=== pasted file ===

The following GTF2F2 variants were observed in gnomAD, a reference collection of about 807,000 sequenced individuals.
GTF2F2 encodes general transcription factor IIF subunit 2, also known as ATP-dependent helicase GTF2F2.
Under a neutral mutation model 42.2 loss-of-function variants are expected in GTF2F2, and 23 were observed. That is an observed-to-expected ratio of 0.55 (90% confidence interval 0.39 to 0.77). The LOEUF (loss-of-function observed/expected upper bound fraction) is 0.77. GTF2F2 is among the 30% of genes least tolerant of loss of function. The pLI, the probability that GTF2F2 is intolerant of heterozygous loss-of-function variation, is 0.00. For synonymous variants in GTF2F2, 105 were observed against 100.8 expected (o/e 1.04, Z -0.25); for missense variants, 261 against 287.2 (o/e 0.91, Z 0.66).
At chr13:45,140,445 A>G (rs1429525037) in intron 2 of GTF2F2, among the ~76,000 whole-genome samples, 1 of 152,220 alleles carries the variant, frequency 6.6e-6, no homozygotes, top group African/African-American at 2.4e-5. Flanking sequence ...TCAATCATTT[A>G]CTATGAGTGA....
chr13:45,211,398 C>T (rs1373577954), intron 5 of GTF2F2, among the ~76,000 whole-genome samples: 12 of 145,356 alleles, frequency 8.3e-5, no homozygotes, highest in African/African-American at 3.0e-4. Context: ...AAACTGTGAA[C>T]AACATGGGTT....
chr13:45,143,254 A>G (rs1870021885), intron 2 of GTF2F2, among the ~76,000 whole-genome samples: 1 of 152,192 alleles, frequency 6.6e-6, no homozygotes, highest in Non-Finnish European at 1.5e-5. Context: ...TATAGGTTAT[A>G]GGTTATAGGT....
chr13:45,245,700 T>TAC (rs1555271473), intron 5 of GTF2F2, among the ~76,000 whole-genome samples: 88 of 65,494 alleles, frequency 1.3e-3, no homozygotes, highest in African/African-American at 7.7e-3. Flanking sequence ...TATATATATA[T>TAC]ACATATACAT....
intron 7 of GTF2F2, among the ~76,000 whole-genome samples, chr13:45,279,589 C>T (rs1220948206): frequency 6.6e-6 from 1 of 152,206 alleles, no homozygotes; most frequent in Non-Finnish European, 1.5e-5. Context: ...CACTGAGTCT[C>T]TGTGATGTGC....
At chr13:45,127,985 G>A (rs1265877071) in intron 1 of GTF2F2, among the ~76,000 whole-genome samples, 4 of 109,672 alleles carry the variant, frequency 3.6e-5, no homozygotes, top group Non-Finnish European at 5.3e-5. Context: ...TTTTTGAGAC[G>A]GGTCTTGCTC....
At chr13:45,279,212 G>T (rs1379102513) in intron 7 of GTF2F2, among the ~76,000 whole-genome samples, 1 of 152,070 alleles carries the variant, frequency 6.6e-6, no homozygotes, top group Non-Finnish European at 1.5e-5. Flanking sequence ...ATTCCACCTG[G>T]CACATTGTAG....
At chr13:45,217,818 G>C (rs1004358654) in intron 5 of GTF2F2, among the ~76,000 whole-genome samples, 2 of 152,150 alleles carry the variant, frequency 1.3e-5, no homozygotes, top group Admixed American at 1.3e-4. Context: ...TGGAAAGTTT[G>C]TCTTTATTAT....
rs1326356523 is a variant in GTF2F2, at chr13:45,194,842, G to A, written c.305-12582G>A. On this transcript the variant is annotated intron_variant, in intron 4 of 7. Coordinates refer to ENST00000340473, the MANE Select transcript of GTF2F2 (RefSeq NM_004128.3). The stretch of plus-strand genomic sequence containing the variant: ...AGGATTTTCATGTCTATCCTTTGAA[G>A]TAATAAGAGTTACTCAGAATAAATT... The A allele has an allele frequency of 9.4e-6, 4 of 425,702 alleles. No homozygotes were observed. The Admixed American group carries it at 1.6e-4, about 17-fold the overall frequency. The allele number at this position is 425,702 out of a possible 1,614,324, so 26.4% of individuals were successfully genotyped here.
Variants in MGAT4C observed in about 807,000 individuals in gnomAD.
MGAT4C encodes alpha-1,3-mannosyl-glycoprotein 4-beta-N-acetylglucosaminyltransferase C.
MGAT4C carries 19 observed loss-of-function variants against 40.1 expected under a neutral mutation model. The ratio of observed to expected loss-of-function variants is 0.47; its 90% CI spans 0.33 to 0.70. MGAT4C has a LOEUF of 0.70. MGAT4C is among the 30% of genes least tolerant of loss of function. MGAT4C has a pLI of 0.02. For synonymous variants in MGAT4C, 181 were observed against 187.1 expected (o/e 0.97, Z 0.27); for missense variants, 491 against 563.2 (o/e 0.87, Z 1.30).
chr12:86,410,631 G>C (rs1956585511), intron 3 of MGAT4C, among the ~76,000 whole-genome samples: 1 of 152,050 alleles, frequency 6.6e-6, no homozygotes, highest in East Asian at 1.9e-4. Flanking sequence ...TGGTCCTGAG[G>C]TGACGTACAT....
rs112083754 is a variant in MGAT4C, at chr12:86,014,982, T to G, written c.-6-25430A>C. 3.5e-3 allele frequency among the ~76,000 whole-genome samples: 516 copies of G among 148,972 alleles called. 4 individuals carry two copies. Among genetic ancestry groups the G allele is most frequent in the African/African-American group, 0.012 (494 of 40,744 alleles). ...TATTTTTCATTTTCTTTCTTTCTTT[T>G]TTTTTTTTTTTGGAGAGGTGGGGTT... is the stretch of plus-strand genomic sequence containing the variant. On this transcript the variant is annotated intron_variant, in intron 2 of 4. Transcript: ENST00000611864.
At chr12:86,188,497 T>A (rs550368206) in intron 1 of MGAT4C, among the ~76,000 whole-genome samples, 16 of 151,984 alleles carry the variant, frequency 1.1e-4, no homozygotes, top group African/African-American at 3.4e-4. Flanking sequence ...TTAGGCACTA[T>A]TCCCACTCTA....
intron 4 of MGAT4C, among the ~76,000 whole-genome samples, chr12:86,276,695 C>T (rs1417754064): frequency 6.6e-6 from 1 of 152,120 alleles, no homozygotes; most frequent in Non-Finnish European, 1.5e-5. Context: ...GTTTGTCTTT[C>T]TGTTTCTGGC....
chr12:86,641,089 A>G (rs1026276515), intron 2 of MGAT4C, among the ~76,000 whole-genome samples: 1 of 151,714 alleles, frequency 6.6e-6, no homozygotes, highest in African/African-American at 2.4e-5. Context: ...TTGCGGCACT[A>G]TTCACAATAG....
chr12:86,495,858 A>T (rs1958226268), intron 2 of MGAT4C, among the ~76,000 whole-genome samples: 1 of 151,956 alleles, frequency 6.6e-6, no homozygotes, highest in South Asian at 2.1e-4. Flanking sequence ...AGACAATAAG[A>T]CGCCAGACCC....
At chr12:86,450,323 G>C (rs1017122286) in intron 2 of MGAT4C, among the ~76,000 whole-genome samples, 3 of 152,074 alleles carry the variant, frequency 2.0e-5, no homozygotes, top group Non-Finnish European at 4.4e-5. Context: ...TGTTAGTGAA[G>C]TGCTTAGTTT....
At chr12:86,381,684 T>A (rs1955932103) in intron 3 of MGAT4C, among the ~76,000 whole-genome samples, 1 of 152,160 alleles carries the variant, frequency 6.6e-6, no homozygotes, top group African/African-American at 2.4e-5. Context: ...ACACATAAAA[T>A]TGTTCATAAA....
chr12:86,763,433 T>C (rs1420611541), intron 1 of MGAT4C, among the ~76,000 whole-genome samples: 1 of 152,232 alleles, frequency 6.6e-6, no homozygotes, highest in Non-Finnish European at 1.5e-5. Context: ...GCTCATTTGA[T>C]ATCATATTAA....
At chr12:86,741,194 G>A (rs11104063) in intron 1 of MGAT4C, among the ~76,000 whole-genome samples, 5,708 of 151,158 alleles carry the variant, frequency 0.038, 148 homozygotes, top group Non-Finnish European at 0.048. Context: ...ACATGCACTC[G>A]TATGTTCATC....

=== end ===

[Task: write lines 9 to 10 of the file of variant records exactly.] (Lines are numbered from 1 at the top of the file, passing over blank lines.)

At chr13:45,127,985 G>A (rs1265877071) in intron 1 of GTF2F2, among the ~76,000 whole-genome samples, 4 of 109,672 alleles carry the variant, frequency 3.6e-5, no homozygotes, top group Non-Finnish European at 5.3e-5. Context: ...TTTTTGAGAC[G>A]GGTCTTGCTC....
At chr13:45,279,212 G>T (rs1379102513) in intron 7 of GTF2F2, among the ~76,000 whole-genome samples, 1 of 152,070 alleles carries the variant, frequency 6.6e-6, no homozygotes, top group Non-Finnish European at 1.5e-5. Flanking sequence ...ATTCCACCTG[G>T]CACATTGTAG....